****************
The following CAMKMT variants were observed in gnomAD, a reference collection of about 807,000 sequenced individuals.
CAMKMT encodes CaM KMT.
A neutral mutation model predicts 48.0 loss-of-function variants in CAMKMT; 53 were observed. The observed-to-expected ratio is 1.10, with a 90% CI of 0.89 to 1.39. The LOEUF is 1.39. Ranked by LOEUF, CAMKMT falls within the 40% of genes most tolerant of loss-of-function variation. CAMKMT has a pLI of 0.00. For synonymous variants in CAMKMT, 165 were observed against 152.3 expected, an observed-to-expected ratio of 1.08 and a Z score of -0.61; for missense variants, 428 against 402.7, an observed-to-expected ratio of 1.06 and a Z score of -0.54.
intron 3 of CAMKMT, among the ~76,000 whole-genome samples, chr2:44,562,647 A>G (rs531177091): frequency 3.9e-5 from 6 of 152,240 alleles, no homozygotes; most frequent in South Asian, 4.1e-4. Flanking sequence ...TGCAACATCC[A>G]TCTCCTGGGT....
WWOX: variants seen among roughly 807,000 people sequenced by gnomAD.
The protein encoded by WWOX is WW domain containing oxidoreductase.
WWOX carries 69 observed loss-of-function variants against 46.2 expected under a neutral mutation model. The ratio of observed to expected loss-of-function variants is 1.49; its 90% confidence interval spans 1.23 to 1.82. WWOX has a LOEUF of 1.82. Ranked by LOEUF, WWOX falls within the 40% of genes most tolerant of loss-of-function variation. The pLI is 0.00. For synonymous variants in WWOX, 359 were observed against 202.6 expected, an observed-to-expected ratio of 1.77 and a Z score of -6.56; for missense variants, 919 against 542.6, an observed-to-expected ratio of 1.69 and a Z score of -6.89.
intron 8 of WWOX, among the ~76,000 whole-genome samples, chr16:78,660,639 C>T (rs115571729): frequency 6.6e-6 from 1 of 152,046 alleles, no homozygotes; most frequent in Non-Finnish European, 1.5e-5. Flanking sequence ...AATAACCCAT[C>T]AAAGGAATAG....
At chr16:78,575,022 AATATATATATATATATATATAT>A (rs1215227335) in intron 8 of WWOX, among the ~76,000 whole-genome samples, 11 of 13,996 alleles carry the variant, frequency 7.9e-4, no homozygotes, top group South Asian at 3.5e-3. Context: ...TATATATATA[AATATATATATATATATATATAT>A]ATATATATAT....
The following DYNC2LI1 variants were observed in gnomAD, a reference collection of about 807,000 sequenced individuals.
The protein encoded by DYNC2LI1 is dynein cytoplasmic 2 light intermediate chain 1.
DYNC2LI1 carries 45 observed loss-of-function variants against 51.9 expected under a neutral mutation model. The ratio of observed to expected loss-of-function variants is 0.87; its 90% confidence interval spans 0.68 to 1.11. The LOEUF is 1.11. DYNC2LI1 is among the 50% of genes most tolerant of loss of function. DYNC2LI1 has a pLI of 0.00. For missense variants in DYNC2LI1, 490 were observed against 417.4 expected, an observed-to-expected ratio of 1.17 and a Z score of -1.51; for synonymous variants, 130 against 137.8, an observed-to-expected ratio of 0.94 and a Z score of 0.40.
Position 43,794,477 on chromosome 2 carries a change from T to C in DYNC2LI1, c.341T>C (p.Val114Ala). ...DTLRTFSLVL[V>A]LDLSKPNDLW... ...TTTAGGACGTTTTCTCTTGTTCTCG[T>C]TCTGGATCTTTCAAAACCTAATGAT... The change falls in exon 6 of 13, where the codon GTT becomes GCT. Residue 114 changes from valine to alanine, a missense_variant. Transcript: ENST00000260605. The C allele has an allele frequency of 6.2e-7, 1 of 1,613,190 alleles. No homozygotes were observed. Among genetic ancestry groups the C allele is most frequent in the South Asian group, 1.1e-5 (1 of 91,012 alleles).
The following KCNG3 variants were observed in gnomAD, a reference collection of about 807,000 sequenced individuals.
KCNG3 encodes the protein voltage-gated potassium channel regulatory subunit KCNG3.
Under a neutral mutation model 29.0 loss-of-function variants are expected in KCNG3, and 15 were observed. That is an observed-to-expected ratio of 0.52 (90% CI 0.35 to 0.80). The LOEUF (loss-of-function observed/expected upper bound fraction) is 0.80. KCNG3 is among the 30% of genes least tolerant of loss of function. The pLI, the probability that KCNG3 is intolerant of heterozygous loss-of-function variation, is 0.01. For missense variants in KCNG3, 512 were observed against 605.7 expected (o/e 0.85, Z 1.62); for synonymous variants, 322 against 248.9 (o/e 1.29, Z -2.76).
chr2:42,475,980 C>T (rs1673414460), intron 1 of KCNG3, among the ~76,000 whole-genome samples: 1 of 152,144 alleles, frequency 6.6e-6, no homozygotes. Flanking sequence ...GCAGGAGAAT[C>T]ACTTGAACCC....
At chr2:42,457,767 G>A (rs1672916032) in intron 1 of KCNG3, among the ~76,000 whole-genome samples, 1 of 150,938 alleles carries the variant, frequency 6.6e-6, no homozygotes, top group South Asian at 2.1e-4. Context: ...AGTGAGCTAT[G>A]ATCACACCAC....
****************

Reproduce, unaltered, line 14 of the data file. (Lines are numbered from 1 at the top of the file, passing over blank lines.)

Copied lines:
The following KCNG3 variants were observed in gnomAD, a reference collection of about 807,000 sequenced individuals.